Summary: Taking SSRI antidepressants does not increase the risk of developmental delays or autism in children, a new study reports. However, there is an increased risk for ASD and developmental delays in children whose mothers suffer from maternal psychiatric disorders.
Women with depression and other mood disorders are generally advised to continue taking antidepressant medications during pregnancy. The drugs are widely considered safe, but the effect of these medications on the unborn fetus has remained a topic of some concern.
Now, researchers have found that maternal psychiatric conditions – but not the use of serotonin-selective reuptake inhibitors (SSRI) – increased the risk for autism spectrum disorder (ASD) and developmental delay (DD) in offspring.
The study appears in Biological Psychiatry.
Previous studies had found links between SSRI use and ASD in offspring, and ASD is associated with disrupted serotonergic pathways. But the question of whether medication or underlying conditions are responsible remained muddy.
Jennifer Ames, PhD, from Kaiser Permanente and lead author of the new study, said, “Our latest findings are good news for women managing psychiatric conditions such as depression and anxiety while pregnant and are consistent with a growing body of research that’s trying to better disentangle the separate relationships of the mother’s SSRI treatment and psychiatric indications during pregnancy with child neurodevelopment.”
Dr. Ames and colleagues used data from the Study to Explore Early Development (SEED), which collected information about the development of thousands of children born across the US between 2003 and 2011. The current analysis of SEED data included three groups of children: those with ASD (1,367 children); with DD (1,750 children); or healthy population controls (1,671 children).
Mothers were determined to have psychiatric disorders and to have taken SSRIs during pregnancy based on self-report and on medical records. About a third of mothers in the study had a psychiatric condition before or during pregnancy, and about a quarter of those took SSRIs or other antidepressants.
The findings indicated that the risk of ASD or DD was roughly doubled for children of mothers with a psychiatric disorder compared to those without. But importantly, the use of SSRIs was not associated with increased risk.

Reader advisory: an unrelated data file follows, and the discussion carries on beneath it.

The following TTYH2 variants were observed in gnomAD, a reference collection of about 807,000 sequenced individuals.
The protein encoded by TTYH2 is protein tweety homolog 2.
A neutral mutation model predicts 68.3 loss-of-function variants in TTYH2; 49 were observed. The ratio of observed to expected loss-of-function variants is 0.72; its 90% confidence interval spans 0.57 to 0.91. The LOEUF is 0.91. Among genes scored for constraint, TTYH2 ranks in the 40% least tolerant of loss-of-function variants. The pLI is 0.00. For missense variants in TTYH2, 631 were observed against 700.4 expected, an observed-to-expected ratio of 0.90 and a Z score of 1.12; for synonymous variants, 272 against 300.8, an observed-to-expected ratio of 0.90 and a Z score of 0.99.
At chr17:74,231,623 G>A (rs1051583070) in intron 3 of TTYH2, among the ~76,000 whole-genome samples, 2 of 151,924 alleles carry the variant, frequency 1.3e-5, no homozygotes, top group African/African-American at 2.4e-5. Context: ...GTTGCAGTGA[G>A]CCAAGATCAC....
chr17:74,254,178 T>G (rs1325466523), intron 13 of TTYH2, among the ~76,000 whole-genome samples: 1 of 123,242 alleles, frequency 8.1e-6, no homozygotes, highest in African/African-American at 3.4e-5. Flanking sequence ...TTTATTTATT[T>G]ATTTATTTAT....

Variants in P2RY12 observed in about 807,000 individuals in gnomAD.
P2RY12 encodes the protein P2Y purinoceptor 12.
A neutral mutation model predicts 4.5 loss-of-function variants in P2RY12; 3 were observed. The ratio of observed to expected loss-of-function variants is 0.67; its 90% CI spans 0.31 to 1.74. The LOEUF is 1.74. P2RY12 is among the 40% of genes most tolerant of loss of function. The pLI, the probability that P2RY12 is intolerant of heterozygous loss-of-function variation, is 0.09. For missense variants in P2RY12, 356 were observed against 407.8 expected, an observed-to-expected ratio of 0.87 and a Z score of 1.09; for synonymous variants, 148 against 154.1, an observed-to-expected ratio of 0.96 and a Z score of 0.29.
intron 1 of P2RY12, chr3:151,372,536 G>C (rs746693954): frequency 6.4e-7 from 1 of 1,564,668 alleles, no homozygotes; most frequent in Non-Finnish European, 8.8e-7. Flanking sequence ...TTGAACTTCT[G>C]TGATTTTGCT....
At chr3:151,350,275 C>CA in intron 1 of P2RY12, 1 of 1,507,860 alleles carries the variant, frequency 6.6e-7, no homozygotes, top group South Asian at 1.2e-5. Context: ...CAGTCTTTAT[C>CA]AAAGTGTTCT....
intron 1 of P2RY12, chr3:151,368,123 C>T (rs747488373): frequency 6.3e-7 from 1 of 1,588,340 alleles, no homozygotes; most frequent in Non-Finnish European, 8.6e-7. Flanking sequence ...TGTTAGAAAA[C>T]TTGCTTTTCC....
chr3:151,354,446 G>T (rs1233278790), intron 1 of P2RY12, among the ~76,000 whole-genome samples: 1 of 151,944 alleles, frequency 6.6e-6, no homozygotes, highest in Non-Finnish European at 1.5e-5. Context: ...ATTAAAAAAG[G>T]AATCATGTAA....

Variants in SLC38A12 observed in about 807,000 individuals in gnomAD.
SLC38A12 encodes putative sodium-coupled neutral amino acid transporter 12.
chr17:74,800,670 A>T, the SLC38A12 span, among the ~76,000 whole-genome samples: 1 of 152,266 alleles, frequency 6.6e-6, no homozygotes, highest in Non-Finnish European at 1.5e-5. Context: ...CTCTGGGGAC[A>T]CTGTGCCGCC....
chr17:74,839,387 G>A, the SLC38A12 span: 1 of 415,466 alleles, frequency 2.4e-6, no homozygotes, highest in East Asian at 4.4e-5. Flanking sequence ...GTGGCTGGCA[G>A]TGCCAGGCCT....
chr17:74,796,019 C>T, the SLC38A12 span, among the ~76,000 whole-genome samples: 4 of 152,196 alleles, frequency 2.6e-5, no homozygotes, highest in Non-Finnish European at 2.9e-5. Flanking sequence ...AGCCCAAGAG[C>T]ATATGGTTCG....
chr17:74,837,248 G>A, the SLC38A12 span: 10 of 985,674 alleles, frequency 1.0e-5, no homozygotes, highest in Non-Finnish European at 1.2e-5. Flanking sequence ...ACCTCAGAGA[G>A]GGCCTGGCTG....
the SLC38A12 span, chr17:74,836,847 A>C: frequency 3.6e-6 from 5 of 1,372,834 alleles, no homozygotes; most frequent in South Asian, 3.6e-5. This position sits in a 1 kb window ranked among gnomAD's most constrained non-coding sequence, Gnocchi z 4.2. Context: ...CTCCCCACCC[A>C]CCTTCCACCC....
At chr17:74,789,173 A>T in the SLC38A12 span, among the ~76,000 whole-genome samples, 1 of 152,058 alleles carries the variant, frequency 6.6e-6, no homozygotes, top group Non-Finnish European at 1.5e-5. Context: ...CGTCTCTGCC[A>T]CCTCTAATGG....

John Krystal, MD, Editor of Biological Psychiatry, said of the work, “Parents have been concerned about the risks posed to infants when mothers take antidepressant medications. It is a big relief to see that maternal antidepressant consumption does not increase the risk for autism spectrum disorder or other neurodevelopmental disorders. However, this study does confirm that maternal psychiatric disorders are associated with increased risk for autism spectrum disorder in offspring.”
“Our study has some unique strengths such as including a large and demographically diverse group of mothers and children in the United States, an analysis of specific subgroups of children with autism spectrum disorder and other developmental disorders, and an examination of multiple types of psychiatric conditions in the mothers,” added Dr. Ames.
The findings should provide some peace of mind for the estimated 6% of pregnant women in the US taking SSRIs.
About this pregnancy and antidepressant research news
Source: Elsevier Contact: Rhiannon Bugno – Elsevier Image: The image is in the public domain
Maternal Psychiatric Conditions, Treatment With Selective Serotonin Reuptake Inhibitors, and Neurodevelopmental Disorders
This study aims to clarify relationships of maternal psychiatric conditions and selective serotonin reuptake inhibitor (SSRI) use during preconception and pregnancy with risk of neurodevelopmental disorders in offspring.
We used data from the Study to Explore Early Development, a multisite case-control study conducted in the United States among children born between 2003 and 2011. Final study group classifications of autism spectrum disorder (ASD) (n = 1367), developmental delays or disorders (DDs) (n = 1750), and general population controls (n = 1671) were determined by an in-person standardized developmental assessment. Maternal psychiatric conditions and SSRI use during pregnancy were ascertained from both self-report and medical records. We used logistic regression to evaluate associations of ASD and DDs (vs. population controls) with maternal psychiatric conditions and SSRI treatment in pregnancy. To reduce confounding by indication, we also examined SSRI associations in analyses restricted to mothers with psychiatric conditions during pregnancy.
Psychiatric conditions and SSRI use during pregnancy were significantly more common among mothers of children with either ASD or DDs than among population controls. Odds of ASD were similarly elevated among mothers with psychiatric conditions who did not use SSRIs during pregnancy (adjusted odds ratio 1.81, 95% confidence interval 1.44–2.27) as in mothers who did use SSRIs (adjusted odds ratio 2.05, 95% confidence interval 1.50–2.80). Among mothers with psychiatric conditions, SSRI use was not significantly associated with ASD in offspring (adjusted odds ratio 1.14, 95% confidence interval 0.80–1.62). Primary findings for DDs exhibited similar relationships to those observed with ASD.
Maternal psychiatric conditions but not use of SSRIs during pregnancy were associated with increased risk of neurodevelopmental disorders in offspring.